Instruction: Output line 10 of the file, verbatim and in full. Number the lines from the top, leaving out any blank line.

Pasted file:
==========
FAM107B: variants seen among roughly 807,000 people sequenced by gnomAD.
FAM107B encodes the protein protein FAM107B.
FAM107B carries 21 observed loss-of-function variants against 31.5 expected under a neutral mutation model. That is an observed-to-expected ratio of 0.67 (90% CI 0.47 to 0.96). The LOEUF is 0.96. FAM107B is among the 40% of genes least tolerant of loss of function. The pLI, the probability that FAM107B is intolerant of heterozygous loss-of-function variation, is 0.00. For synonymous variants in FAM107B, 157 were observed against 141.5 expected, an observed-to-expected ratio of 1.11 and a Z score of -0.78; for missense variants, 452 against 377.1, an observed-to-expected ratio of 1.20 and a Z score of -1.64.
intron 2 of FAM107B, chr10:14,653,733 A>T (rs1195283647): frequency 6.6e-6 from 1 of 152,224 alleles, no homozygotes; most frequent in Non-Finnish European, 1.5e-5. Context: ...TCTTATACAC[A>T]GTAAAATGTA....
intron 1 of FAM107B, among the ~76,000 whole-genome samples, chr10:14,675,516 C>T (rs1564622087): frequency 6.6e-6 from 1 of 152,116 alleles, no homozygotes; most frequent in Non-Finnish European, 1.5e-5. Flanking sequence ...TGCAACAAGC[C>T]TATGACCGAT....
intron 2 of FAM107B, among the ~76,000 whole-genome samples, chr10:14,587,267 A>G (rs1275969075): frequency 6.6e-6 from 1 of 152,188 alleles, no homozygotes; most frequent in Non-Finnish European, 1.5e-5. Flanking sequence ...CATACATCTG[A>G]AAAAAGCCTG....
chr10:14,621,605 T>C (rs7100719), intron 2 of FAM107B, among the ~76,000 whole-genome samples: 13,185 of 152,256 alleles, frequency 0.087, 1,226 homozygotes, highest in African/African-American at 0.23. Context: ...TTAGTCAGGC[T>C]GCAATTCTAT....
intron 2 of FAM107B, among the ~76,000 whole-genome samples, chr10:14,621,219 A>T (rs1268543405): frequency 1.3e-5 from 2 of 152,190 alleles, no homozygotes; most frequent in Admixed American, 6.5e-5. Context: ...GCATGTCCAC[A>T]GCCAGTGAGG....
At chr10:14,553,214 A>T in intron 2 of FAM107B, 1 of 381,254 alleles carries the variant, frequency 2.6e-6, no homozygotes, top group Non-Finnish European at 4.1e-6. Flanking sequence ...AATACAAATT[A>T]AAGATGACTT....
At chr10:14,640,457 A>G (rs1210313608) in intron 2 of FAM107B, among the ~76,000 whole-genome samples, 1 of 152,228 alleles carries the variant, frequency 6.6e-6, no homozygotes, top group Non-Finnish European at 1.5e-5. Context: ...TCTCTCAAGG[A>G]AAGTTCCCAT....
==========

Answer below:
At chr10:14,640,457 A>G (rs1210313608) in intron 2 of FAM107B, among the ~76,000 whole-genome samples, 1 of 152,228 alleles carries the variant, frequency 6.6e-6, no homozygotes, top group Non-Finnish European at 1.5e-5. Context: ...TCTCTCAAGG[A>G]AAGTTCCCAT....